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Bull's Blood Beets Bring Burgundy Color to Your Edible Landscape

Updated on January 13, 2013
Bull's Blood Beet add color to your landscape and your salads.
Bull's Blood Beet add color to your landscape and your salads. | Source

Front yard food gardens are becoming a trend. However, in some areas they violate local ordinances for the simple and silly reason that they are not grass and flowers. Row gardens and raised beds in the front yard just don't fit in with the neighborhood, and appearance is everything.

If your city doesn't want your front yard to stick out like a sore thumb, but you want to plant food you can eat, don't despair. There are ways you can grow your food and possibly keep code enforcement - and your neighbors - off your back.

Bull's Blood beet tops add color to your salad.
Bull's Blood beet tops add color to your salad. | Source

Meet the Beet

The lowly beet. Perhaps not something you've considered growing, but you should. The Bull's Blood beet is beautiful. The leaves are green to begin with, but as they grow they develop a deep burgundy color. In the sunlight, they are like red gems in the garden. And the entire plant, leaves to root, is edible. This particular beet is often grown as an ornamental, just for the color, which makes it a perfect choice for the front yard garden.

Beets can be grown solely for the greens, or reds, in this case as well as for the root. If you are not a fan of the flavor of beets, you can still enjoy the tops. They have more of a spinach-like flavor and can be eaten raw or lightly steamed. Bull's Blood beet tops are often used in salads instead of radicchio. If beet roots are not a concern, the plants can be grown closer together. They must be spaced at least 3 inches apart if you want to harvest the root. Even more widely spaced they will create an attractive border or group planting.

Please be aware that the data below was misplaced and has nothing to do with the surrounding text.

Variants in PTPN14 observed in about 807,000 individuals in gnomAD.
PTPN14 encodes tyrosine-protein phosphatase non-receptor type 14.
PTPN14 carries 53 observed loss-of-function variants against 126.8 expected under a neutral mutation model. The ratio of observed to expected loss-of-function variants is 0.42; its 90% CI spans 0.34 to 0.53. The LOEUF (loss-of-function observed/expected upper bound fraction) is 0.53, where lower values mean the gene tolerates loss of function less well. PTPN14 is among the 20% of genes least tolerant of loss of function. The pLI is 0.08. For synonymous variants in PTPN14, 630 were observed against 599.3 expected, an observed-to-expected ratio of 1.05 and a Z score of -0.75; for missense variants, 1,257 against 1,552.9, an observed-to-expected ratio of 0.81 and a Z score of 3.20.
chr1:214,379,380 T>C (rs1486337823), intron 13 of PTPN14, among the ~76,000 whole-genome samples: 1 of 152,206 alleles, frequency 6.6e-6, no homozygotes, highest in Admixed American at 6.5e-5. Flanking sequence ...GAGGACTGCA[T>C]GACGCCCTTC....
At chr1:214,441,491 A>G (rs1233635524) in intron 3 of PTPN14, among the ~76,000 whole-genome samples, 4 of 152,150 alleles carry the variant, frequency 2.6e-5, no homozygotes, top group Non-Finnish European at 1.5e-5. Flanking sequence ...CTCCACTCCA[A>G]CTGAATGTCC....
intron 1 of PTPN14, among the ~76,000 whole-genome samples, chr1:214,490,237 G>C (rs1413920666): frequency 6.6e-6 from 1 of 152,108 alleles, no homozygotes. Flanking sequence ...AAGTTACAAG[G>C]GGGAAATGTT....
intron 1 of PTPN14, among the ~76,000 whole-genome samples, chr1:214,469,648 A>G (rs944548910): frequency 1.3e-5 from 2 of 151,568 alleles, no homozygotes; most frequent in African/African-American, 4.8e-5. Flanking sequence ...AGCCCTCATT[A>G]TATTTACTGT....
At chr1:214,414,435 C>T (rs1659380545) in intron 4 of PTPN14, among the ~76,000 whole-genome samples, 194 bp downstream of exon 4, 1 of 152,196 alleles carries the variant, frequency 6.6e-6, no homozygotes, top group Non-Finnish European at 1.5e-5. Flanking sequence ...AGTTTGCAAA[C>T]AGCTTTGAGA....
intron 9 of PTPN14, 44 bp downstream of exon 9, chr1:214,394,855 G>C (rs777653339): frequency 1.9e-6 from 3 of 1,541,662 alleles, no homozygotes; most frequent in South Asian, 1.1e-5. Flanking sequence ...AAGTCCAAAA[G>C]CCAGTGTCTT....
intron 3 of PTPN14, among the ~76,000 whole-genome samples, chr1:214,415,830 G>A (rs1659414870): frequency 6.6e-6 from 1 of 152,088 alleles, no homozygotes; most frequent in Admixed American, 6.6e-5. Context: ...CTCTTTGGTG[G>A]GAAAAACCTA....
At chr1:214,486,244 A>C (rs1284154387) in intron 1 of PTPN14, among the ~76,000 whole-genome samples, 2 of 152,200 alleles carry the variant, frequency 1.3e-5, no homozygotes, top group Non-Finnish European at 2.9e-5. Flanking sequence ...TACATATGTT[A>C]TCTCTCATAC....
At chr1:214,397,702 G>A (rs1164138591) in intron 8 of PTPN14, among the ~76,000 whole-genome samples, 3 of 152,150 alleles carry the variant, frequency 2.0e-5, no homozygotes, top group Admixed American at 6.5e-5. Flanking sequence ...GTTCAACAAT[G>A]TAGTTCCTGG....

The tops will grow up to 18 inches tall. The leaves can be harvested beginning around 35 days after germination. Cut the stems about one-half inch from the soil. Harvest the larger leaves and allow the smaller ones to continue growing. The leaf stems are also edible and have more of the beet flavor. The beet roots should be harvested when they are two to three inches in diameter. You can allow them to grow larger but they become tough and woody if they get too large.

Companion Plants for Beets

Bush beans, cabbage family pants, lettuce, onion family plants, radish and sage are all good companions for beets. Of these companions, the most ornamental would be lettuce, sage and perhaps onions, particularly green onions that can be planted in groups.

Green onions, or scallions, are a cut and come again plant that will produce for as long as the plant survives. The green tops are cut off at soil level and new greens will start growing back within a few days.

Leaf lettuces come in a variety of colors and textures. Four season lettuces stand up well to heat as well as cold temperatures. We have some growing in our garden that have survived our recent overnight freezes.

Sage has silvery green, somewhat velvety leaves that is beautiful grown in clusters. It can grow up to three feet tall. A few here and there behind or between the red beets makes an attractive design.

Bush beans are a consideration as well. They are fairly compact, can be grown close together and usually grow to about 18 inches tall. You may choose to grow green beans, or one of the dry beans like pinto, kidney, black or white beans. They will bush out quite a bit so make sure they have ample space to grow without shading or covering the other plants in your edible landscape.

Cabbage can get very large, but it can also be a beautiful focal point in your landscape. Red cabbage would be a nice complement to the red beet tops.

Flowers are also good choices to plant with beets. A border of sweet alyssum or marigolds and nasturtium placed here and there will grow nicely among your beets, and give your garden design more front yard appeal. Alyssum is helpful in keeping slugs and snails away. We have it in several areas in our garden and I never see snails or slugs where the alyssum is growing. Marigolds are the all-purpose natural pest deterrent for the garden and can be planted just about anywhere. Nasturtium is useful in deterring aphids. The leaves, flowers and seeds are all edible and have a peppery flavor.


Our Garden Gand: Companion Planting, Bedfellows in the Garden


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